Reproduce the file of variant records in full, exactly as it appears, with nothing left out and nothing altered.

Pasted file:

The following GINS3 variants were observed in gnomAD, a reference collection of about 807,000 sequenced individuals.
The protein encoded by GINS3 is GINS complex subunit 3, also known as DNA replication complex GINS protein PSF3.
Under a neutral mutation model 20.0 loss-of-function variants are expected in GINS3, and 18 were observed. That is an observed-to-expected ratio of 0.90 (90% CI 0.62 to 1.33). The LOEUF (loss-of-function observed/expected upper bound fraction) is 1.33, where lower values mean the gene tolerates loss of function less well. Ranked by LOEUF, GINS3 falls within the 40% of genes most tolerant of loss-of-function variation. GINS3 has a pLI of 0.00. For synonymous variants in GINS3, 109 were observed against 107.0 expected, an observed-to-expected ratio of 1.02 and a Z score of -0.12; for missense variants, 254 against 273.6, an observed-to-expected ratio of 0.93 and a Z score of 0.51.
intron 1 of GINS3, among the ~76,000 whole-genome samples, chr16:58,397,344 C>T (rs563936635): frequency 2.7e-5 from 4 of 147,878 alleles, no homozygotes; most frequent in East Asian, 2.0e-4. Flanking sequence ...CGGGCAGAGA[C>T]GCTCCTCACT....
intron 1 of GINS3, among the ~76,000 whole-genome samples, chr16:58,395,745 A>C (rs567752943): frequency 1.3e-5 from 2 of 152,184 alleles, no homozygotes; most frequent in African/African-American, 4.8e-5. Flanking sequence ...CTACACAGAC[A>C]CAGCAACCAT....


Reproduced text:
The following GINS3 variants were observed in gnomAD, a reference collection of about 807,000 sequenced individuals.
The protein encoded by GINS3 is GINS complex subunit 3, also known as DNA replication complex GINS protein PSF3.
Under a neutral mutation model 20.0 loss-of-function variants are expected in GINS3, and 18 were observed. That is an observed-to-expected ratio of 0.90 (90% CI 0.62 to 1.33). The LOEUF (loss-of-function observed/expected upper bound fraction) is 1.33, where lower values mean the gene tolerates loss of function less well. Ranked by LOEUF, GINS3 falls within the 40% of genes most tolerant of loss-of-function variation. GINS3 has a pLI of 0.00. For synonymous variants in GINS3, 109 were observed against 107.0 expected, an observed-to-expected ratio of 1.02 and a Z score of -0.12; for missense variants, 254 against 273.6, an observed-to-expected ratio of 0.93 and a Z score of 0.51.
intron 1 of GINS3, among the ~76,000 whole-genome samples, chr16:58,397,344 C>T (rs563936635): frequency 2.7e-5 from 4 of 147,878 alleles, no homozygotes; most frequent in East Asian, 2.0e-4. Flanking sequence ...CGGGCAGAGA[C>T]GCTCCTCACT....
intron 1 of GINS3, among the ~76,000 whole-genome samples, chr16:58,395,745 A>C (rs567752943): frequency 1.3e-5 from 2 of 152,184 alleles, no homozygotes; most frequent in African/African-American, 4.8e-5. Flanking sequence ...CTACACAGAC[A>C]CAGCAACCAT....